(Photo by Flickr user CreativeTime Reports, used under a Creative Commons license)
At the Wednesday kickoff of CyberMaryland, state Department of Business and Economic Development Secretary Dominick Murray unveiled Maryland’s annual Cyber Industry Survey.
The survey is based on questionnaires sent to IT firms engaged in cyber activities and includes questions on demographics, business conditions, workforce issues, entry-level jobs, customer location and industry and innovation.
According to this year’s report, most cyber firms in Maryland are small businesses with more than three-quarters employing 24 or fewer. Almost half employ fewer than 10. Nearly all reported being based in Maryland and 84 percent reported being in existence for more than five years.
Two-thirds of Maryland’s cyber firms are based on services, with most of the rest working in both services and products. Only one-fifth of Maryland cyber firms export their services or products abroad and just over half do most of their business within Maryland.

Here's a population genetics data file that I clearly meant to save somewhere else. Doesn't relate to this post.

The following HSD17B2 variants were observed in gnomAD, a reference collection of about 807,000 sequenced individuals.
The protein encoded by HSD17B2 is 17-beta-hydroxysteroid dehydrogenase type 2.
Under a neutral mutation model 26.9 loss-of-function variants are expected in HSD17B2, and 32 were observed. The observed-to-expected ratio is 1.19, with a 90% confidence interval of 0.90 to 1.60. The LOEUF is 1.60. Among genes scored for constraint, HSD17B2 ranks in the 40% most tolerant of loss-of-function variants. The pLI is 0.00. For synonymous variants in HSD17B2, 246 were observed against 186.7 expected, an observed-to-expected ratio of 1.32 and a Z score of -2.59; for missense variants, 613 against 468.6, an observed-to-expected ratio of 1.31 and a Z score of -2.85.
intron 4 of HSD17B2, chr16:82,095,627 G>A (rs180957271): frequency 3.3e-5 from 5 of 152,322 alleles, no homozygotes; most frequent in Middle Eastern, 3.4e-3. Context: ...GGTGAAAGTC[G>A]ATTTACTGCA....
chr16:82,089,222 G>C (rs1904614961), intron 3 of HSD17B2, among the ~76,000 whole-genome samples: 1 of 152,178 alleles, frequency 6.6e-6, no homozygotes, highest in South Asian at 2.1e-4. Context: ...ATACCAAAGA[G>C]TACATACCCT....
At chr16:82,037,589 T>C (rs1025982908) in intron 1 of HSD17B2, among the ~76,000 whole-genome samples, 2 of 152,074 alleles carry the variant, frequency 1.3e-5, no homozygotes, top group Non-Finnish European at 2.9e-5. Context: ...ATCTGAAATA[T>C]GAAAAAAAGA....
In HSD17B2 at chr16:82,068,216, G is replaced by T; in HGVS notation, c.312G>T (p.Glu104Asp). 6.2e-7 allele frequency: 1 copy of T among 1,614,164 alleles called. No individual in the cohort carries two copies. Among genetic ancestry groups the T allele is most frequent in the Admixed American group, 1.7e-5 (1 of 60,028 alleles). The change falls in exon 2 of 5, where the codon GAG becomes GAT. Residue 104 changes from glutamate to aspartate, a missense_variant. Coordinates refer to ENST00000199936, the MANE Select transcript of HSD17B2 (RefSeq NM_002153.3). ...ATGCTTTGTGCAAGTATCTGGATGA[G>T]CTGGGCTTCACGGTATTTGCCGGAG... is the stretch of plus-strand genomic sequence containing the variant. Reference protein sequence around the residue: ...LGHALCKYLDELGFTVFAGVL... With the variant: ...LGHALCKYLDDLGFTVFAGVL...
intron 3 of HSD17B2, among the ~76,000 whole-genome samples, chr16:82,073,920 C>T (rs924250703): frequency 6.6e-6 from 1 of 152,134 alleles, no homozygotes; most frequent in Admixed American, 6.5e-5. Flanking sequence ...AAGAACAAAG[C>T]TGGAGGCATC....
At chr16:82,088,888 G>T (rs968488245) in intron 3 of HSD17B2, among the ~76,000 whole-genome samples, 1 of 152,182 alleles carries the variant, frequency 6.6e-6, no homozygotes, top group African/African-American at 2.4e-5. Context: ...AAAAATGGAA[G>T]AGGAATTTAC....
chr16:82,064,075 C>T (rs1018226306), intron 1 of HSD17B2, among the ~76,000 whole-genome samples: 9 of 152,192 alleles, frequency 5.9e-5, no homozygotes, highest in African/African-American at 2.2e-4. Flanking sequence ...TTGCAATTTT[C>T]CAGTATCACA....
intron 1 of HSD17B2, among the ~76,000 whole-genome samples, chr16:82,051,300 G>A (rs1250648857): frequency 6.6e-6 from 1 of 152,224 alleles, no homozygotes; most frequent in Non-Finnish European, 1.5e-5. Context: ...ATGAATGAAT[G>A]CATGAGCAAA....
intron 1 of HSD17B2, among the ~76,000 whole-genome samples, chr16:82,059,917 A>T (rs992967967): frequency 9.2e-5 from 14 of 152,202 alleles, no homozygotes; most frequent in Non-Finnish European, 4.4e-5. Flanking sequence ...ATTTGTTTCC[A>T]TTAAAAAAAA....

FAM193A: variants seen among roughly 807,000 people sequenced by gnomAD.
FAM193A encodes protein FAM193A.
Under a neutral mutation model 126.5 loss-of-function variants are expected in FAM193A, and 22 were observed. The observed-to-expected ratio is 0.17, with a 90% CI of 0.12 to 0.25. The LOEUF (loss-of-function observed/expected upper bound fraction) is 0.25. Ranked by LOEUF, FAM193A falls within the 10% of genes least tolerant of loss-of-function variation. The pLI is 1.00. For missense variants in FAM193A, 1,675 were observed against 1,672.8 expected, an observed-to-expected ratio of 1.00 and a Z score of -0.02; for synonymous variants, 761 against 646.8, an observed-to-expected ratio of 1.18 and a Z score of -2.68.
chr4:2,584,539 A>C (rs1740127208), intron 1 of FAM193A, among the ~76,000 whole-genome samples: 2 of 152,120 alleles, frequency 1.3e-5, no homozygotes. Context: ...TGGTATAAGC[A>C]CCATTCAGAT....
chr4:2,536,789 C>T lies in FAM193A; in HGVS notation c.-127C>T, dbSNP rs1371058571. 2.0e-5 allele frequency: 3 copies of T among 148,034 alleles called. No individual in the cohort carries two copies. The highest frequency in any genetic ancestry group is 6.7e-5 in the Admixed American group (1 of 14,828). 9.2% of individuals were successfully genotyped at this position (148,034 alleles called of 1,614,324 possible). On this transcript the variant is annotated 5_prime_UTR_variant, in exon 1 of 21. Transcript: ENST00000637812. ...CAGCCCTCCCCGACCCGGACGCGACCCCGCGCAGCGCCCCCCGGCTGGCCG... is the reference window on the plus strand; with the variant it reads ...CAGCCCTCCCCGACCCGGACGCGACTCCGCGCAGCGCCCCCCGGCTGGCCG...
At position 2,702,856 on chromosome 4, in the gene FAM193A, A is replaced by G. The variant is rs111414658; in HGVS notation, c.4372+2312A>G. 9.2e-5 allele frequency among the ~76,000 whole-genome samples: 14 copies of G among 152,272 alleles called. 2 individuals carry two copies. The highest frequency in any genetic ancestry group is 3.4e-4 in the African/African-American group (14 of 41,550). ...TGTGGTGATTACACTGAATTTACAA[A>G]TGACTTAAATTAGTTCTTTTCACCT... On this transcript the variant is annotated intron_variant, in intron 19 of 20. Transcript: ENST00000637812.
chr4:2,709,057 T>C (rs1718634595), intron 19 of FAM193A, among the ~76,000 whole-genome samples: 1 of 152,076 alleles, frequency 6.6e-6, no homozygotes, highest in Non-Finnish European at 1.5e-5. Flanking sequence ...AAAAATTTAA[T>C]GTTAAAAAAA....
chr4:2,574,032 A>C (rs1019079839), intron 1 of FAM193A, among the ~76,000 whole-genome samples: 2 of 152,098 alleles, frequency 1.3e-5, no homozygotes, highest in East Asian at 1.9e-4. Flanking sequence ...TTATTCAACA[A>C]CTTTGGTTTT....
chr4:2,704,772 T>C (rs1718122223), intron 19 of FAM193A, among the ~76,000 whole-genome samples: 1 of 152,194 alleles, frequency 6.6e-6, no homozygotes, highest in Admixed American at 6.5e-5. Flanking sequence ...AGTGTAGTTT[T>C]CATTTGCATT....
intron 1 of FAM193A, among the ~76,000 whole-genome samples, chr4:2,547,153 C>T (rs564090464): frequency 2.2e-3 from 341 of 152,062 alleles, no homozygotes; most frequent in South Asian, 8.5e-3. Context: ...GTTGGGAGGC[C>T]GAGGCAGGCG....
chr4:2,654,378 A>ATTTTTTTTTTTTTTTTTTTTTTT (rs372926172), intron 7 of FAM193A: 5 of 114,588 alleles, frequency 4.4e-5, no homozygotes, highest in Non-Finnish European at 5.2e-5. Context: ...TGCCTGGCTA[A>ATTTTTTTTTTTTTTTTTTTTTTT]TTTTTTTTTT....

As one might expect for Maryland, more than 60 percent of responding firms said theirs was a federal contractor. The state is home to federal organs like the Social Security Administration in Woodlawn and the National Security Agency at Fort Meade.
Most responding companies say they plan to expand, with nearly a third expecting to grow headcount by 10 or more and others planning more modest expansions. More than half plan to expand their services within Maryland.
However, here’s the bad news: Only 28.9 percent of firms reported having openings for recent graduates.
CyberMaryland continues through Thursday at the Baltimore Convention Center.
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